I’ve directed more of our programs to focus on the foster families rather than just the orphanages over the past couple years because kids in foster families really do have a much better chance for a normal life, but those families do need more support than the government provides and they can provide themselves.  Hopefully other small charities will see the benefits of working with foster families rather than just focusing on capital projects at orphanages that would actually be financed in many cases by the Russian government (which has directed a substantial sum to improving the housing at orphanages, though many other needs still are underfunded).  A little additional assistance goes a very long way with foster families, and the results are immediate and tangible.  While small charities can only do so much, they can have a pretty dramatic impact on a couple families that have made the choice to take in kids and give them a real chance at a normal life.

 

My hope is that parents who have adopted from Russia don’t give up on the kids left behind despite the decisions made by the Russian government.  Many of us working to help these kids have seen donations reduced by folks who want to send a message to President Putin.  Unfortunately, it will only be the kids that receive that message.  Putin has no interest in what foreigners think of his policies.  The kids, the orphanage directors, the orphanage staffs, and the foster families really do appreciate everything that charities and individuals do for them, even more so when their government makes these decisions.  Hopefully things will change soon in regard to foreign adoptions, but until then, those kids still need our thoughts, our prayers, and our support.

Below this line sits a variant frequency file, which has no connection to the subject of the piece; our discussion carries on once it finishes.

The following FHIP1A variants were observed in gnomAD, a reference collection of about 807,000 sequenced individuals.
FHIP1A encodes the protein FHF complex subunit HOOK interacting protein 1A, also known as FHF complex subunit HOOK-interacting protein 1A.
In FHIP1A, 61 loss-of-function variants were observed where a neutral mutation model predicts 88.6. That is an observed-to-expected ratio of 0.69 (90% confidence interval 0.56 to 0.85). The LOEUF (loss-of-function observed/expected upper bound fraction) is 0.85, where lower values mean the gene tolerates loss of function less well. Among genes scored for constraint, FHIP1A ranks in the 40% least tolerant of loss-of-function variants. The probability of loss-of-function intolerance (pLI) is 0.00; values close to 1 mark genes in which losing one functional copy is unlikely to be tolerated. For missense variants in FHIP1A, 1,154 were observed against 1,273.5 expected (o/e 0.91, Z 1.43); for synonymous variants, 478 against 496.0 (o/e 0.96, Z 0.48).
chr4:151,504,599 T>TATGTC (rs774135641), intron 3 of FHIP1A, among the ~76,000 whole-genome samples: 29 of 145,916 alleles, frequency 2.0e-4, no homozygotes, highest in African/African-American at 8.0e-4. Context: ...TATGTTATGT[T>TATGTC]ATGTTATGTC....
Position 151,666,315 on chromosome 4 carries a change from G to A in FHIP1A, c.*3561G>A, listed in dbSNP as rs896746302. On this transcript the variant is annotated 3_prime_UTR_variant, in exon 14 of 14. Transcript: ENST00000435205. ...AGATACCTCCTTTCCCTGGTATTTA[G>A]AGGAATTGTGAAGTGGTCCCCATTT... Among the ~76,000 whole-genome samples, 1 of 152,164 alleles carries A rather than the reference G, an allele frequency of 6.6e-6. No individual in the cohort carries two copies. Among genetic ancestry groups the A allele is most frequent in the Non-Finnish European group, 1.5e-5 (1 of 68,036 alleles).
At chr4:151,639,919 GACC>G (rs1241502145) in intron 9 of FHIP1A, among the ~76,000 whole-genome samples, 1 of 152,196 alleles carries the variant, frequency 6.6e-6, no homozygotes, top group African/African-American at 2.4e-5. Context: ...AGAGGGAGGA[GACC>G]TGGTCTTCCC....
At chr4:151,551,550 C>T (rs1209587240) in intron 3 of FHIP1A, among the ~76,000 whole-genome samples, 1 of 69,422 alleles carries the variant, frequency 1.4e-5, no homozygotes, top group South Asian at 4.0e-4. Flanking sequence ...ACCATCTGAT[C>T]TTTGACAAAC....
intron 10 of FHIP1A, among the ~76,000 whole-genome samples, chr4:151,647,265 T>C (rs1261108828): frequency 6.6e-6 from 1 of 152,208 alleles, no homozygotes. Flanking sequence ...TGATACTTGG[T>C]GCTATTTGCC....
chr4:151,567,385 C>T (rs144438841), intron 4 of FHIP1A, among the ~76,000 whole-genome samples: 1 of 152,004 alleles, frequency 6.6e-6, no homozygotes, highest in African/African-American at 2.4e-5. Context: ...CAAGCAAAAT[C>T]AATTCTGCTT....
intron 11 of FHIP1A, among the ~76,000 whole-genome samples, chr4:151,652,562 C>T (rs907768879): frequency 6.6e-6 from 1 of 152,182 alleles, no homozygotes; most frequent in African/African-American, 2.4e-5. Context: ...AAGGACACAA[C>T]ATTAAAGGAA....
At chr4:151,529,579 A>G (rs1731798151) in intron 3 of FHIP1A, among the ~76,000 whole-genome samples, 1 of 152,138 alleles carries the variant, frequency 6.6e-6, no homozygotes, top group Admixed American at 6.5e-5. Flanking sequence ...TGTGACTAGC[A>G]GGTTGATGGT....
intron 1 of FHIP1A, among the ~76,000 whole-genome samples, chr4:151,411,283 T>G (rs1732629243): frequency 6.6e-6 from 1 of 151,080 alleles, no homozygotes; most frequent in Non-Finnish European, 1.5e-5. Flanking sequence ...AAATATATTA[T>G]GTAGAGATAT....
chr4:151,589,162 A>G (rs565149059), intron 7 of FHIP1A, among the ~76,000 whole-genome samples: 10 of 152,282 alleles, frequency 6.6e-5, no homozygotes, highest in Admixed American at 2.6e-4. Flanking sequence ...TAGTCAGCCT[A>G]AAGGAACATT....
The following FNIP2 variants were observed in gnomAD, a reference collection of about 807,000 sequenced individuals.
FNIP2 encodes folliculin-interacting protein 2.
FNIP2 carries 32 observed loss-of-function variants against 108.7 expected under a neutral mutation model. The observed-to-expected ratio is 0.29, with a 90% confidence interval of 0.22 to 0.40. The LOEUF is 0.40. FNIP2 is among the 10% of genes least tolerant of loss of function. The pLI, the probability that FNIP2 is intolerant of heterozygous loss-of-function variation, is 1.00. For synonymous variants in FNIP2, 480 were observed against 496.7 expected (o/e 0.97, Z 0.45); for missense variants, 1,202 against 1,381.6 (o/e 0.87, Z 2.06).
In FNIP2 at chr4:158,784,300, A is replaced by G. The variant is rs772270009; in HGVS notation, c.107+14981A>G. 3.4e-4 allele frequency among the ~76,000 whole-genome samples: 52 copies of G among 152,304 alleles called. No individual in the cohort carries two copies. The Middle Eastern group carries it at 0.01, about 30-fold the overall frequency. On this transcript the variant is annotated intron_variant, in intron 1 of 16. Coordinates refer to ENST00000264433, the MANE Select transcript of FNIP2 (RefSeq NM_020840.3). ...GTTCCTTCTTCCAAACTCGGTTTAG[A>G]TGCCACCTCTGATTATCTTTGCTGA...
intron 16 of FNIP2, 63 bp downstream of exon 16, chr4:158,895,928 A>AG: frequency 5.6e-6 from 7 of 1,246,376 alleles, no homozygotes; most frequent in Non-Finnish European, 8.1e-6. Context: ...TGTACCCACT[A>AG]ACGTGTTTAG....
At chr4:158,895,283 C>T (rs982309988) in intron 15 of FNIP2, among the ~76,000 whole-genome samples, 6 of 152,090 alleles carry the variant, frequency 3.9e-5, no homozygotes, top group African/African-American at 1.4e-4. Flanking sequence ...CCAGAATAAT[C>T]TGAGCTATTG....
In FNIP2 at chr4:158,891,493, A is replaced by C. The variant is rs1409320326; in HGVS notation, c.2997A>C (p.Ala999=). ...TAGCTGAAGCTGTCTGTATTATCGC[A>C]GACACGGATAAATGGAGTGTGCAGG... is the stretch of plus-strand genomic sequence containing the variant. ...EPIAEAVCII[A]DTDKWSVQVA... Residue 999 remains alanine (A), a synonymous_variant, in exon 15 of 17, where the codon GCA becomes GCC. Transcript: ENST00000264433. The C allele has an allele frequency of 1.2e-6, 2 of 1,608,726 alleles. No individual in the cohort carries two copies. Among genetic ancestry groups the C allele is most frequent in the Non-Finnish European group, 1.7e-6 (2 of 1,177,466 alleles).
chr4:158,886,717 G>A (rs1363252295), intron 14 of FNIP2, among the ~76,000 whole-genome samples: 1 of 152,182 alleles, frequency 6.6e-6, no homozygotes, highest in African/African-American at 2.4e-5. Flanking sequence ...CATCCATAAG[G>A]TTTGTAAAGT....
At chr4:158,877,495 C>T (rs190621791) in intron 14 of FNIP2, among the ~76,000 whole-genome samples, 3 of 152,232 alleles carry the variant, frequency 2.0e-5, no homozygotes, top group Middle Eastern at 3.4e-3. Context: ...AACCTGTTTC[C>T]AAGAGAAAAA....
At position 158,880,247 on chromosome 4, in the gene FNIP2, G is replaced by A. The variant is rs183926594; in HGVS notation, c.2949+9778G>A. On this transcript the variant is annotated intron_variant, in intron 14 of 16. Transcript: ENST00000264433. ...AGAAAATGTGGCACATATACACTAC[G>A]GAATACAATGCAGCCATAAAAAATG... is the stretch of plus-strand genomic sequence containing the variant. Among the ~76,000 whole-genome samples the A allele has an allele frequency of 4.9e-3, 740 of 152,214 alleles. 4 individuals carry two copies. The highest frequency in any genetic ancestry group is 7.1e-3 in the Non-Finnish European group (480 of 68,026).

Jody Payne

Director, Kostroma Kids Program

Ascent Russian Orphan Aid Foundation

www.helprussianorphans.com

Info sent by: Deborah Mumm, Everything For Adoption

How to Help New Adoptive Parents


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So you know someone who has just adopted a child. They need to learn how to adjust to this child, to learn about the true personality of this child. The child needs to become attached to this new family.  It doesn’t happen immediately, even though it may appear it has. There are things you can do to help this family through this transition period.

During the transition, family and friends may feel a little left out. Grandparents, especially, may not be able to spend as much time with their new grandchild or dote on them as much as they would like. This is temporary. Remember: the goal is for the new child to securely attach to their parents. Once that happens, then you will be able to see them, take them on outings, babysit, etc. to your heart’s content! Until then, visits will need to be short.